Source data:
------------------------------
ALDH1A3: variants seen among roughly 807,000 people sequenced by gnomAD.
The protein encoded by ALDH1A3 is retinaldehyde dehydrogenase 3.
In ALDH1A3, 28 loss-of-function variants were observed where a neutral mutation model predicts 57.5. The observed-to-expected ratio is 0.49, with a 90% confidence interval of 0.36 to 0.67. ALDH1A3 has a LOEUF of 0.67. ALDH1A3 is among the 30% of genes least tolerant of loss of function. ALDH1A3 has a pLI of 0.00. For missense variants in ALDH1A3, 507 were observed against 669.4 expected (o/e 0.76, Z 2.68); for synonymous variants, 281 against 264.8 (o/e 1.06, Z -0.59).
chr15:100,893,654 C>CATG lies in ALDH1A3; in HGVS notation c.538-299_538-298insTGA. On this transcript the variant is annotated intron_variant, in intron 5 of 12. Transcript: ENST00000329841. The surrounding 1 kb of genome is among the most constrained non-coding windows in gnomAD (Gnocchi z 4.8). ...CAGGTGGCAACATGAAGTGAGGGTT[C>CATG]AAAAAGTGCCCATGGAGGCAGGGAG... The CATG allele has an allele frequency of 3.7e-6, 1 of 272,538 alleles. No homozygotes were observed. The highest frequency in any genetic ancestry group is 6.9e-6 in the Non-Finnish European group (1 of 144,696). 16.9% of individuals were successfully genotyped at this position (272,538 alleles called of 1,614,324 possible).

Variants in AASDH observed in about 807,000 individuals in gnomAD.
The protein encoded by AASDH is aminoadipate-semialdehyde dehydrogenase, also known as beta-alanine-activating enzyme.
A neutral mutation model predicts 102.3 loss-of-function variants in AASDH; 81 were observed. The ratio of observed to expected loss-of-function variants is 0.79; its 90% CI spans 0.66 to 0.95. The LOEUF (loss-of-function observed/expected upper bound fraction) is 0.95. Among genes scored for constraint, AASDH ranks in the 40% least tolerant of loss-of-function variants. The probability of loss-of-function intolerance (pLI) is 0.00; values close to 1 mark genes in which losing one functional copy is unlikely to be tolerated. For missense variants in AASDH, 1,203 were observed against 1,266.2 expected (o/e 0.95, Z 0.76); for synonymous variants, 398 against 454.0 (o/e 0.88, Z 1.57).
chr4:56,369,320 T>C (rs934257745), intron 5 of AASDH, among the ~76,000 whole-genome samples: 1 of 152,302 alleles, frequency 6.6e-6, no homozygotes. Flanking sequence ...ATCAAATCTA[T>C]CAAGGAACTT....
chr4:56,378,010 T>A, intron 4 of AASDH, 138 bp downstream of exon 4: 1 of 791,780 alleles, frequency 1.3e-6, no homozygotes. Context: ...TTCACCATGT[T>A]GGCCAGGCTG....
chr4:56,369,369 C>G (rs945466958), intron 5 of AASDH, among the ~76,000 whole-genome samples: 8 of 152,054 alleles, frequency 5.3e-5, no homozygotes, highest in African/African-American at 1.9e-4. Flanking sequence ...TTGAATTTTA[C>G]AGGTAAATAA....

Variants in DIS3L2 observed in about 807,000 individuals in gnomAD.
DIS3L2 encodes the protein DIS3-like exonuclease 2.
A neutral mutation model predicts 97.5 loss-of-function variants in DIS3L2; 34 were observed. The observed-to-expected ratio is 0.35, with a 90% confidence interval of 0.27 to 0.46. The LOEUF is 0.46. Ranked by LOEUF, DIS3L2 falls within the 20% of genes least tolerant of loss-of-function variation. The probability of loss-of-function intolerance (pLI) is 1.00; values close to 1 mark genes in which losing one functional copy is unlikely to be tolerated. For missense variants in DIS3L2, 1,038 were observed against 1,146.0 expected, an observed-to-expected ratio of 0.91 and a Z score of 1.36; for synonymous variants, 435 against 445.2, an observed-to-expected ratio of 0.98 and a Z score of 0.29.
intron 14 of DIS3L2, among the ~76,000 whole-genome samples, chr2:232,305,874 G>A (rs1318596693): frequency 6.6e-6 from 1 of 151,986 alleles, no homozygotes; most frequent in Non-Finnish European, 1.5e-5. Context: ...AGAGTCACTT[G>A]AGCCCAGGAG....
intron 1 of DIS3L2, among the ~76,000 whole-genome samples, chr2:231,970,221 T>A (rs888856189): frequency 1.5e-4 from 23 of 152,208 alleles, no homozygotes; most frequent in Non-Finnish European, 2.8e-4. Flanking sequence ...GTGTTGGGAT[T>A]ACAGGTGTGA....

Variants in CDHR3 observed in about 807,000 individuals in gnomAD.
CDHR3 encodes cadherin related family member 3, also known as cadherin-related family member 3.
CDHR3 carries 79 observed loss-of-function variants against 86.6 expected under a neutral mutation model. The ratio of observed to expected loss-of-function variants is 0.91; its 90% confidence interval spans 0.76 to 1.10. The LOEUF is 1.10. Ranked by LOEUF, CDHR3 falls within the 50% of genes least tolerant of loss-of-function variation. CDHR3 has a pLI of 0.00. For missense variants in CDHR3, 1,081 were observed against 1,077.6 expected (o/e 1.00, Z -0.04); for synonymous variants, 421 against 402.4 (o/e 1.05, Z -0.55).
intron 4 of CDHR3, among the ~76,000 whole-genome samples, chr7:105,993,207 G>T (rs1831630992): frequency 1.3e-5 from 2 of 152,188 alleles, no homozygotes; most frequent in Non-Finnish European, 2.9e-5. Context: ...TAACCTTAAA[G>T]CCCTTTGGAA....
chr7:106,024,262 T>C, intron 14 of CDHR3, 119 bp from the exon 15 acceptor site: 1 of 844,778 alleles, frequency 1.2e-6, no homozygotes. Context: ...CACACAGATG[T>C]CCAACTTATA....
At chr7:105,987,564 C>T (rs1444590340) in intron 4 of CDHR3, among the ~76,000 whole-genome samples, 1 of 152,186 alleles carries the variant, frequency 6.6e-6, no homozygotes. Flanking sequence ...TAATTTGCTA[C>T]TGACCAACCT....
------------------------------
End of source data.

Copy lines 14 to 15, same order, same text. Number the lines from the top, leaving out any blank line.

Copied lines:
intron 14 of DIS3L2, among the ~76,000 whole-genome samples, chr2:232,305,874 G>A (rs1318596693): frequency 6.6e-6 from 1 of 151,986 alleles, no homozygotes; most frequent in Non-Finnish European, 1.5e-5. Context: ...AGAGTCACTT[G>A]AGCCCAGGAG....
intron 1 of DIS3L2, among the ~76,000 whole-genome samples, chr2:231,970,221 T>A (rs888856189): frequency 1.5e-4 from 23 of 152,208 alleles, no homozygotes; most frequent in Non-Finnish European, 2.8e-4. Flanking sequence ...GTGTTGGGAT[T>A]ACAGGTGTGA....